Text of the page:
Brennan declines to discuss his former boss. But one reason for their schism may be Bogle's spectacular inability to retire. His energy and ambition are all the more remarkable because he has fought a lifelong battle with heart disease. At 31, he had the first of a series of heart attacks, the result of a congenital electrical defect. In 1996, Bogle's ailing heart was replaced, and his vigor and purpose surged. It must have been difficult for Brennan, who was supposed to be holding the reins. To the extent Bogle feels marginalized by Vanguard's management, it may explain some of his desire for recognition.
People who know, like and respect both men sorrow that the two are estranged, and wish for a reconciliation. Bogle has high hopes for a better relationship with Brennan's successor, Bill McNabb.
"On his first day on the job as CEO, Bill came by in the afternoon, and we spent an hour talking," Bogle said. "I was deeply touched."
However much Bogle may be troubled by the past, publicly he is philosophical. "You can't live a life of resentment. Every once in a while having a pebble in your shoe is annoying, I'll concede. But in a lot of ways, the last decade, an extra decade, has been the happiest of my life. I'm contributing to society. I'm doing what I want to do."
Bogle's new book, out next month, is his seventh. He describes Enough as "a combination of searing criticism and soaring idealism." It is part autobiography, part jeremiad, part apologia, and all Jack, "a desire to be remembered."
The publisher, John Wiley & Sons, has ordered a first printing of more than 100,000 copies.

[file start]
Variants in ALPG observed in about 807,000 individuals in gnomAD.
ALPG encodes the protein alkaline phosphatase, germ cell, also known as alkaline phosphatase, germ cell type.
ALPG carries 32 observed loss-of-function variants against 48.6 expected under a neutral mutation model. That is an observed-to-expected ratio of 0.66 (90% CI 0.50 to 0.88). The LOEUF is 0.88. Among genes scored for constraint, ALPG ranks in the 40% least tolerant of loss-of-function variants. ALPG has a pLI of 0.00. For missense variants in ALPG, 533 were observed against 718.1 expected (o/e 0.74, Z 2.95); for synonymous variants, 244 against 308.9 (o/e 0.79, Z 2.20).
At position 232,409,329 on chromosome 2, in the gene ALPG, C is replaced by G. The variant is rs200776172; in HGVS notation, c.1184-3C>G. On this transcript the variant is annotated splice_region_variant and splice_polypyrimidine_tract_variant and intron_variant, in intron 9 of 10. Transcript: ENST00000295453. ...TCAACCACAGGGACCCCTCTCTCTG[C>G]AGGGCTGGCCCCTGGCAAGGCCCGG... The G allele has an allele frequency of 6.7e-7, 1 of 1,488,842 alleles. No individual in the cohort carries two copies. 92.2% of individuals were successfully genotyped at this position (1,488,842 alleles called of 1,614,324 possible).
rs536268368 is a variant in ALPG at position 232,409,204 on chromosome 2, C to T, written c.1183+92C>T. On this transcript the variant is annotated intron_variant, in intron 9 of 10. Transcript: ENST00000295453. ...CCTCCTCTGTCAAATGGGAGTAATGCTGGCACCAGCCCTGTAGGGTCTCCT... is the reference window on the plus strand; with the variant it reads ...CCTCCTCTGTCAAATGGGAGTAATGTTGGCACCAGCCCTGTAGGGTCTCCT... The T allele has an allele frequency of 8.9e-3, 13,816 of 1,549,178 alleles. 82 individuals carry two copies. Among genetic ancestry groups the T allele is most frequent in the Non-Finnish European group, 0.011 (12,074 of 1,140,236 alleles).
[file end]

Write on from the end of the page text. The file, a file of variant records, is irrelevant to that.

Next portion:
The title works in two ways - enough as in fed up, and enough as in being satisfied, a radical notion in light of capitalism's relentless pressure for more.
Bogle calls for a return to 18th-century values - "the old-fashioned liberal humanitarianism that was the hallmark of the Age of Reason."
"To be called an 18th-century man is to me the ultimate accolade," Bogle said. "Years ago, there were things one simply did not do. Let's call it moral absolutism. Today, if everybody else is doing it, I can do it, too. And let's call that, obviously, moral relativism, and I don't think that's an improvement.
"The book is about being a good human being and living a good life. It's about being a good husband, a good father, a good colleague, a good member of the community. Everything else pales by comparison."
Forging a new role for himself after Vanguard was challenging, Bogle admits. What sustained him was his devotion to two outside projects "of the highest social purpose": the National Constitution Center and Blair Academy.
"Getting these two institutions going, rebuilding them, working with great people in a very constructive, positive, contributing way has been a wonderfully refreshing, uplifting part of the last decade," Bogle said.
"Each of us who prospers in this great republic," he writes in his new book, "has a solemn obligation to recognize his good fortune by giving something back."
Bogle was chairman of the board of the National Constitution Center from September 1999 through January 2007, helping to guide it "from an articulated idea to a pretty stunning reality," said Joseph M. Torsella, the center's president.
"Being able to introduce the center to the nation with Jack Bogle as chairman was a huge advantage," Torsella said. "His counsel was always: Figure out how to go for the gold standard."
At Blair - "a good school that fell on hard times" - Bogle has been a mainstay since the early 1970s. For 15 years, he chaired the board of trustees. He chose the headmaster and helped finance the construction of several buildings.